As we approach Easter, I’ve been mindful of Jesus impact on my life.
Easter has importance for all Christians, or atleast it should; it’s a celebration of Jesus victory over death and the changing of history.
Easter is also the time of the year I came to Christ. It was about one week before. I’m embarassed to say I can’t at this point, calculate whether it was 4 years ago or 5 years ago. (I’m fighting the flu today and a little muddle-headed. Maybe I’ll edit this post later when I figure it out.)
I thought what I’d do was post a series. This first one will describe what my life was like before Jesus. In the next one I’ll describe my conversion. In Part III, I’ll describe what my life has been like since then, how I think Jesus has changed me.
If I was Donald Miller I’d probably find something zany to say here to keep you interested and amused. Unfortunately, I’m no Donald Miller. But the good news is that it’s free to read my blog and you have to pay to read his books. So I guess you get what you pay for.
Anyway, I was not a Christian for most of my life.
This is probably an understatement. I was more-or-less anti-Christian all my life. I found Christianity cloying, superficial, hypocrtical, judgemental. The truth is, I sometimes still do. Sometimes– then and now– my irritation with Christianity is a result of my own sin, unhealthy expectations, and unfair expectations. Sometimes– then and now– my belief that Christianity is cloying, superficial, etc. is a result of the fact that Christianity is all those things.
I was fascinated by the person of Christ though. I was a seeker and found myself briefly flirting with a variety of traditions: Budhism, Unitarian Universalism, Hinduism.
I was raised in a home where I was encouraged to be inquisitive. Church was a thing we went to on occasional holidays to placate grand parents. Mostly it felt irrelevant. Occasionally, during the hymns, I’d get these little flashes of joy and truth. But mostly, it was this place that was embarassing to be. They all seemed to speak the language. They all knew what to expect. I felt like everybody was watching me and knowing I wasn’t one of them.
There were loud mouthed Christians in my life that caused me to doubt the movement that Jesus started. There were amazing, loving Christians that created this disconnect between what I wanted to believe about Jesus and what I actually saw.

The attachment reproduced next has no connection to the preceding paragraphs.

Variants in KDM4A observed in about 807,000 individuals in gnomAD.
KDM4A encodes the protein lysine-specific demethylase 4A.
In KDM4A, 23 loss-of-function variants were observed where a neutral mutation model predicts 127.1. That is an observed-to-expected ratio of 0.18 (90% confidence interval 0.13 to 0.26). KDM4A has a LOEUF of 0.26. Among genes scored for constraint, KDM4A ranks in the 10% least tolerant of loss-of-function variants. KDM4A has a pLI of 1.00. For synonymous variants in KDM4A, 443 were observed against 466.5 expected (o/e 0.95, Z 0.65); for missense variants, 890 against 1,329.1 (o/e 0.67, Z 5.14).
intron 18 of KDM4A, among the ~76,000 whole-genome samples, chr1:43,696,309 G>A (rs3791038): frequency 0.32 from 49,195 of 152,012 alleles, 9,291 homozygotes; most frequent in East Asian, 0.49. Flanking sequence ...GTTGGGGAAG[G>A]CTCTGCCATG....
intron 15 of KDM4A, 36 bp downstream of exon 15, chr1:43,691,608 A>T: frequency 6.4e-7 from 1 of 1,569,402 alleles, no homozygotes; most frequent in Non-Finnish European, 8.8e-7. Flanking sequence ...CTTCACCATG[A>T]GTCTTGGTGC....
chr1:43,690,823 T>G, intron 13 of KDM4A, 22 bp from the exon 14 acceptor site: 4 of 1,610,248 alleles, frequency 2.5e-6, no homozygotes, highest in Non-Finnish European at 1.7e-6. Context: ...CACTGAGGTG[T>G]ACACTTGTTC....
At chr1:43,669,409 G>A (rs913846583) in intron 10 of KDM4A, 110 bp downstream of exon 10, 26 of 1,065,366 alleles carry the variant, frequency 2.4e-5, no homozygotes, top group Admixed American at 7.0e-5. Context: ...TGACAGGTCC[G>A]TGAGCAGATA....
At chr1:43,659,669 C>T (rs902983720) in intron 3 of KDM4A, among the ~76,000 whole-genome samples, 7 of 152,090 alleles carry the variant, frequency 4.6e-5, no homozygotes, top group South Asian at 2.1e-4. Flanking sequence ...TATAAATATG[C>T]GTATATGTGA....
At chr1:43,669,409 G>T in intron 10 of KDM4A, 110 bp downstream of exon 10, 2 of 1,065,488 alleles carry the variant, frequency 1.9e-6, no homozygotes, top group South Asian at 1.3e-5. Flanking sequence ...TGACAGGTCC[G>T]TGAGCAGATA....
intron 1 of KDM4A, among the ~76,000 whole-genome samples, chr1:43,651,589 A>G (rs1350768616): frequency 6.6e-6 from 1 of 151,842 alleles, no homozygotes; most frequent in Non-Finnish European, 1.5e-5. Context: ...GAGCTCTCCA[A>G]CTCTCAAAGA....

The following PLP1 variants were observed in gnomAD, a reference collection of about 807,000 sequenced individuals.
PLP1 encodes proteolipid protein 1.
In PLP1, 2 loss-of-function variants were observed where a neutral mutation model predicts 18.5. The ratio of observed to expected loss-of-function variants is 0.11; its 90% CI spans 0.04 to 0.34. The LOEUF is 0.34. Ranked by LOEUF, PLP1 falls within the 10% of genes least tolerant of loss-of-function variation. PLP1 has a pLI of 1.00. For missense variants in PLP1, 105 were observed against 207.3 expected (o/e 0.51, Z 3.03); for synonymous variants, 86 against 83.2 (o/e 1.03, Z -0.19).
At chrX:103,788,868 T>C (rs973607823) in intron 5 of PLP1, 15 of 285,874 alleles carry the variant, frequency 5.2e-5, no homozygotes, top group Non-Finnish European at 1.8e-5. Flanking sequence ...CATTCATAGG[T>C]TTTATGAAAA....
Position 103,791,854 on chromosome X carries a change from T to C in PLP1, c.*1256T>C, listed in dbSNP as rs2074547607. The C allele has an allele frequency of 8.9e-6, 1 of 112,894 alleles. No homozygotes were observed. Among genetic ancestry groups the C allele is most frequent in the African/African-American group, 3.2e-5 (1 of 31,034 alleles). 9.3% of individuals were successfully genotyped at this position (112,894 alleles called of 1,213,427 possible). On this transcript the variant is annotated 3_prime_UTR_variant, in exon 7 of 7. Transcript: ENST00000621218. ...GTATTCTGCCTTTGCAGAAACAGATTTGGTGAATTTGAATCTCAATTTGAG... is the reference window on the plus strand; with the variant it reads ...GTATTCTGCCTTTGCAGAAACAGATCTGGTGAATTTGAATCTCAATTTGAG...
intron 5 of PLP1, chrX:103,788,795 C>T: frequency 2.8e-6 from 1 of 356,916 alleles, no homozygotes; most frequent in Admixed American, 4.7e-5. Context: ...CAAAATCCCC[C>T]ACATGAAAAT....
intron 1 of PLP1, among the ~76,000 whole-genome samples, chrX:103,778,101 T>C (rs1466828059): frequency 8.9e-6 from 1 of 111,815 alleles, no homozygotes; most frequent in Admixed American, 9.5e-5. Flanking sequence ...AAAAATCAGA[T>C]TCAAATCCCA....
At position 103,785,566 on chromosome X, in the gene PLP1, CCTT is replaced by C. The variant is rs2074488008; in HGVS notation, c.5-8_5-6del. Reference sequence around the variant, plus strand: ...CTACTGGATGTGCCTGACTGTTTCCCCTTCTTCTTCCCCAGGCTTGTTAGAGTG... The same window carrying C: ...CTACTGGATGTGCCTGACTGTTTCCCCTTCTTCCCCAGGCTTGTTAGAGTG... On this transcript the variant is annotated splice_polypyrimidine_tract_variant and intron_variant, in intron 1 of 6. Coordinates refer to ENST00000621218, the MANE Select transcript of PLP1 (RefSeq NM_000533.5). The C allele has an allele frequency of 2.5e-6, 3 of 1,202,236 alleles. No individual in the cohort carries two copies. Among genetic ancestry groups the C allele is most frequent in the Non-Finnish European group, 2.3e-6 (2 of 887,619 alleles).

I was an am a nature lover. I’d explore truth and Truth; wonder about what it all meant.
I became a philosophy major in college. The school I attended had some pretty heavy hitters. Folks who were also fascinated by the person of Christ. These are people I would have significant doctrinal disputes with today. One of these guys was a major player in the field of Religious Pluralism. Religious Pluralism is the belief that all the major world religions point to the same Ultimate Truth. Another of these guys was the major authorirty on the Gospel of Thomas. This guy flew to Egypt and created translation of this text that you can find at Barnes and Noble.
Many Christians would consider these guys dangerous. I think they are wrong… But I know that they had good hearts and I believe that the Holy Spirit was working through them, at least in as much as nurtured my fascination with this Jesus character.
If I was Brian Mclaren, I’d probably say something deep and provacotive here about how God works in the places we least expect him. But I am no more Brian McLaren than I am Don Miller.
I got a chunk of the way through graduate school. I was working on a Master’s Degree in Philosophy. It’s worth mentioning my life plan at this point. Those who know me generally find it amusing. This is what I’d planned for myself at the age of 22:
*To earn a masters and eventually a doctorate in Philosophy or Philosophy of Religion.
*To spend my life educating inquisitive college students.
* To climb up into an ivory tower, lock myself in, and throw away the key.
* To engage in serial monogamy: I’d given up on the idea that marriage makes any sense.
*To never, never, never have kids.
Contrast this with where my life is now:
*I’m a special education teacher… I did finally end up with My M.Ed.
*I’ve spent the last decade of my life educating behaviorally disorded adolescents.
*I’ve mostly taught in windowless, inner city class rooms. I once taught in a room so cold that we couldn’t use pens because the ink froze.